Podcast: Navigating Gender Bias Preferences in the Workplace

Do women in STEM have to prove themselves more than men do? Are office politics more complicated for women than men? How does motherhood affect women engineers? In this SWE Diverse episode with WE19 Mega Session speaker Joan Williams, we'll address some of those gender bias issues and how to navigate them in the workplace.
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Episode 75: Joan Williams on Navigating Gender Bias Preferences in the Workplace

Joan Williams headshot
Joan Williams

Do women in STEM have to prove themselves more than men do? Are office politics more complicated for women than men? How does motherhood affect women engineers?

In this SWE Diverse episode, FY19 SWE President Cindy Hoover speaks with WE19 Mega Session speaker Joan Williams about her research in bias patterns, and how we can navigate those gender bias patterns in our own lives and careers. Joan is a Distinguished Law Professor and Founding Director of the Center for WorkLife Law at University of California, Hastings College of the Law. She has authored 11 books and over 90 academic articles and book chapters, and ranks among the top 10 scholars in her field. She has played a central role in reshaping the debates over women, work, and unconscious bias over the past quarter-century, and is widely known for her “bias interrupters,”—a new, evidence-based, metrics-driven approach to eradicating implicit bias.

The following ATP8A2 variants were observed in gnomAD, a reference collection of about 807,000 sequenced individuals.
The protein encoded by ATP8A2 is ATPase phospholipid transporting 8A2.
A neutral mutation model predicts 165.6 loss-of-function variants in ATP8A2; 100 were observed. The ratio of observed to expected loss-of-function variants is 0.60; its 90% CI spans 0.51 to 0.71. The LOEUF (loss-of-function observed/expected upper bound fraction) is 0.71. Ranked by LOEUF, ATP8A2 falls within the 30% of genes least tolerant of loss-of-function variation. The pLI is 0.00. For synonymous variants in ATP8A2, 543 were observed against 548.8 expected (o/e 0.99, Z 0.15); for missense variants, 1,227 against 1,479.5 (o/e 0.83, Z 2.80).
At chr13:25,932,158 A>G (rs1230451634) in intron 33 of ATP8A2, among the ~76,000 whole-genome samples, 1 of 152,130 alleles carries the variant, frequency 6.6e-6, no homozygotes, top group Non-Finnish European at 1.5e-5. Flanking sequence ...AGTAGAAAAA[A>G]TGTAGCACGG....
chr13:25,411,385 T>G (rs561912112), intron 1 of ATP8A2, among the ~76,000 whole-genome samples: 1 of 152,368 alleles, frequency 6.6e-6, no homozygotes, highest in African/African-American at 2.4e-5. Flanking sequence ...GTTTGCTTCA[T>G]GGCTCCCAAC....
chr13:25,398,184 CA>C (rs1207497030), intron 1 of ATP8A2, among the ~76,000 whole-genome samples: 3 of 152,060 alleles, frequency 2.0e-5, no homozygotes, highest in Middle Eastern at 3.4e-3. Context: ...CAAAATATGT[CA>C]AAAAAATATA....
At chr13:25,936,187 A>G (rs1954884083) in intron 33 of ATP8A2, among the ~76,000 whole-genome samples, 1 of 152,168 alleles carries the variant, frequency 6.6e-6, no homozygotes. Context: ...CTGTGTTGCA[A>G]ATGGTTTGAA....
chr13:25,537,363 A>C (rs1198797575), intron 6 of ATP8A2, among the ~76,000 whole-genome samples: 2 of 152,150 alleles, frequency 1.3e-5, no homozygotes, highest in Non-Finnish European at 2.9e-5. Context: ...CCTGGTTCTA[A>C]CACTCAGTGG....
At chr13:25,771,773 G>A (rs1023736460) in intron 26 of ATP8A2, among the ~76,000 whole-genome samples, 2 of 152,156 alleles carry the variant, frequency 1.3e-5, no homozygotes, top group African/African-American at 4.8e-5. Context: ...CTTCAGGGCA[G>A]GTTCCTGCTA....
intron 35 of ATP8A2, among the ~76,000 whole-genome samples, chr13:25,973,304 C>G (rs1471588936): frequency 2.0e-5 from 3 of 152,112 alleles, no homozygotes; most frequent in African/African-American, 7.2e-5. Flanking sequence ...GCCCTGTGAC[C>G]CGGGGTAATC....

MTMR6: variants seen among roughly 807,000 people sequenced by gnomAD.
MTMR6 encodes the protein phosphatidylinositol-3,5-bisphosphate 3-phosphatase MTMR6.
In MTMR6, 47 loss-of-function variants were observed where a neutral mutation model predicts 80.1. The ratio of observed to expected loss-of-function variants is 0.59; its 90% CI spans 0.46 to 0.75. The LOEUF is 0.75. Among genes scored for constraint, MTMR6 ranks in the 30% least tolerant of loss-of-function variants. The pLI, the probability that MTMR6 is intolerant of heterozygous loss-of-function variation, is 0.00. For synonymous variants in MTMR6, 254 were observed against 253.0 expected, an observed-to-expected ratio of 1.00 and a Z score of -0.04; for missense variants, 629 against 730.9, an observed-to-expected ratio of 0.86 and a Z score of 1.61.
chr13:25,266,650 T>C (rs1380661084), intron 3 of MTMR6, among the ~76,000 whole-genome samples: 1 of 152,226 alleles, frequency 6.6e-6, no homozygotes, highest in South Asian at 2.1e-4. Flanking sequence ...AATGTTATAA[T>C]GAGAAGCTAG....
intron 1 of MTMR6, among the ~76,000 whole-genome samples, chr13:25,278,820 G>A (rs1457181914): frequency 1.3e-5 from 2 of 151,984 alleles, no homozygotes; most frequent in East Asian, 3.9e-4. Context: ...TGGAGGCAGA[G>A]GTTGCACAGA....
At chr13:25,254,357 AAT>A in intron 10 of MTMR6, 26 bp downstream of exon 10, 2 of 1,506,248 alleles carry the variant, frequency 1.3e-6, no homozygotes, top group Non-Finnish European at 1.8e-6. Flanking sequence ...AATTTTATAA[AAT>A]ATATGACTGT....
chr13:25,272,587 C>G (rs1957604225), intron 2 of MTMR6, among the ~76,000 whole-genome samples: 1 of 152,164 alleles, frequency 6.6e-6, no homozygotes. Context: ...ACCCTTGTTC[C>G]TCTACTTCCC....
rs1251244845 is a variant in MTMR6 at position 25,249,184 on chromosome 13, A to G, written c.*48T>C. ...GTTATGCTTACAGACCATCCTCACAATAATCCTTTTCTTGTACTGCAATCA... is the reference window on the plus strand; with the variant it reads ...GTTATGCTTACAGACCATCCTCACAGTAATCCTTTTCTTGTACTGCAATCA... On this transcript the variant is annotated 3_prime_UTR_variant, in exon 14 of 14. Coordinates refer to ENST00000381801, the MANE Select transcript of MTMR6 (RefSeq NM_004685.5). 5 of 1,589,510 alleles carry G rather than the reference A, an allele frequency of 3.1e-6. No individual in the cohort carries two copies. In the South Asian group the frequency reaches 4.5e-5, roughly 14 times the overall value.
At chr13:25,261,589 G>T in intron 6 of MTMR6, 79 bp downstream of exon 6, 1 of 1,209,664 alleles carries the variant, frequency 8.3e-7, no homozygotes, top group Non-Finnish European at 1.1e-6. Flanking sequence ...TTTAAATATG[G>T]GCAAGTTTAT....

“[Our research shows that] women in STEM have to prove themselves more than men do. Our data from the US showed that about 1/3 of white men—white male engineers—felt they had to prove themselves more than their colleagues, but about 2/3 of women did, and about 2/3 people of color did. So that’s attitudinal data, but it’s matched my almost 40 years of studies. This “Prove It Again” pattern is very strong; it has been documented both by objective data in the lab, and it has also been documented by people who are seeing it in the workplace.”

– Joan Williams, Founding Director of the Center for WorkLife Law at University of California, Hastings College of the Law


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